I love sandwiches and I love Tikkie so I’ve become Dutch in those ways. I’ve lived here for so long I’ve lost sight of what it means to be Dutch, to be honest. So maybe I am just completely Dutch.
Which three Dutch people (dead or alive) would you most like to meet?
Herman Koch. He wrote the novel The Dinner. I’ve heard him complain about tourists in Amsterdam, and I’m getting a bit tired of people complaining about them. ‘There’s too many tourists here, it’s spoiling the city,’ they say. I disagree. I think tourists add something. Maybe that’s not in the Red Light District, but I don’t go up there. In the centre though near where I live, I see a lot of tourists. I like them being around. I like hearing a lot of different languages. I’d like to ask him, ‘Hey, what’s your issue with tourists?’ I’d like to ask him if he’s ever visited Paris, Vienna, or Rome and in what capacity he was there.
Arthur Japin. He’s a quite well known historical fiction writer. He wrote a brilliant book set in Amsterdam titled In Lucia’s Eyes. It plonks you here in the middle of the 1700s. It’s so evocative you feel like you’ve actually been to Amsterdam in the 1700s. It’s that good. I’d like to meet him and tell him how good it is.
The Guy Who Bought My Scooter About Five Years Ago. He gave me a handful of 50 Euro notes. I decided to trust him and didn’t count them. The amount was short by 150 Euros. I would *love* to meet that guy again. I guess it goes without saying why.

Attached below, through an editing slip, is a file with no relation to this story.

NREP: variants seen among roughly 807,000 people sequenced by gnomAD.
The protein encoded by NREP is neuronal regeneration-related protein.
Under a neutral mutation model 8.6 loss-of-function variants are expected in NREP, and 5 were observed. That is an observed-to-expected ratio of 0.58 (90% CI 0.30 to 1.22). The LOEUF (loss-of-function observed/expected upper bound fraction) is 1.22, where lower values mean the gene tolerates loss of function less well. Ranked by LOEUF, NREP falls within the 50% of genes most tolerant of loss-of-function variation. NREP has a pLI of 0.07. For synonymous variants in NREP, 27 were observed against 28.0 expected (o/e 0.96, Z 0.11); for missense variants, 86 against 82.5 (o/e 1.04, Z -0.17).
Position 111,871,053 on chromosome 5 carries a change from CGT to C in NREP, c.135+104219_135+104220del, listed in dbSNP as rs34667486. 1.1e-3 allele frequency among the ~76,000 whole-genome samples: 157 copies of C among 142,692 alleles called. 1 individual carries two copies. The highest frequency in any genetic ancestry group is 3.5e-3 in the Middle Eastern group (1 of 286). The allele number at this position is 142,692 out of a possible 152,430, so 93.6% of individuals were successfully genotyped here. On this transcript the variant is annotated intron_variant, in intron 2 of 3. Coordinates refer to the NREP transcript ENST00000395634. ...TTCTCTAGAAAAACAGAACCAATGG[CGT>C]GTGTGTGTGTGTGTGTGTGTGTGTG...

What’s your top tourist tip?
I hadn’t given this one any thought. I had a flippant idea of ‘avoid people on bikes trying to terrorise you in the bike lanes,’ but that is a top tourist tip and a genuine one. I think people should be told this on the planes. The one thing you all need to know is the pink pathways are not for walking.
But there’s also the Vondelbunker. It’s actually in Vondelpark. If you go to the downtown entrance to the park and just walk straight until you come to the road bridge, it’s on the right. It’s a pretty hidden doorway. On certain evenings, and you can look it up online, there’s all sorts of different events in there. Live music, comedy, art happenings, all sorts, but it’s completely hidden. You’ll not only get to see something interesting and a bit alternative, it’s usually free to go in. It was also built in the 1950s as a nuclear bunker, so it’s just interesting to go in there and see it. Not many people know about it, but it’s a cool spot.
Tell us something surprising you’ve found out about the Netherlands.
The Dutch like to trumpet tolerance as a value, but tolerance doesn’t mean mutual respect or interest in others. It literally means tolerance and nothing more than that. Also: woolly mammoths used to live here, but before my time. [laughs] They find a lot of woolly mammoth fossils here. It sounds like there were quite a lot of them wandering about.
If you had just 24 hours left in the Netherlands, what would you do?
I would make one last effort to find that guy who owes me €150. I know that’s a flippant answer, but I can’t think of anything else.
You can learn more about Richard’s charity show on 10 March 2022 by visiting its Facebook page.
Richard was talking to Brandon Hartley.
Thank you for donating to DutchNews.nl.
We could not provide the Dutch News service, and keep it free of charge, without the generous support of our readers. Your donations allow us to report on issues you tell us matter, and provide you with a summary of the most important Dutch news each day.Make a donation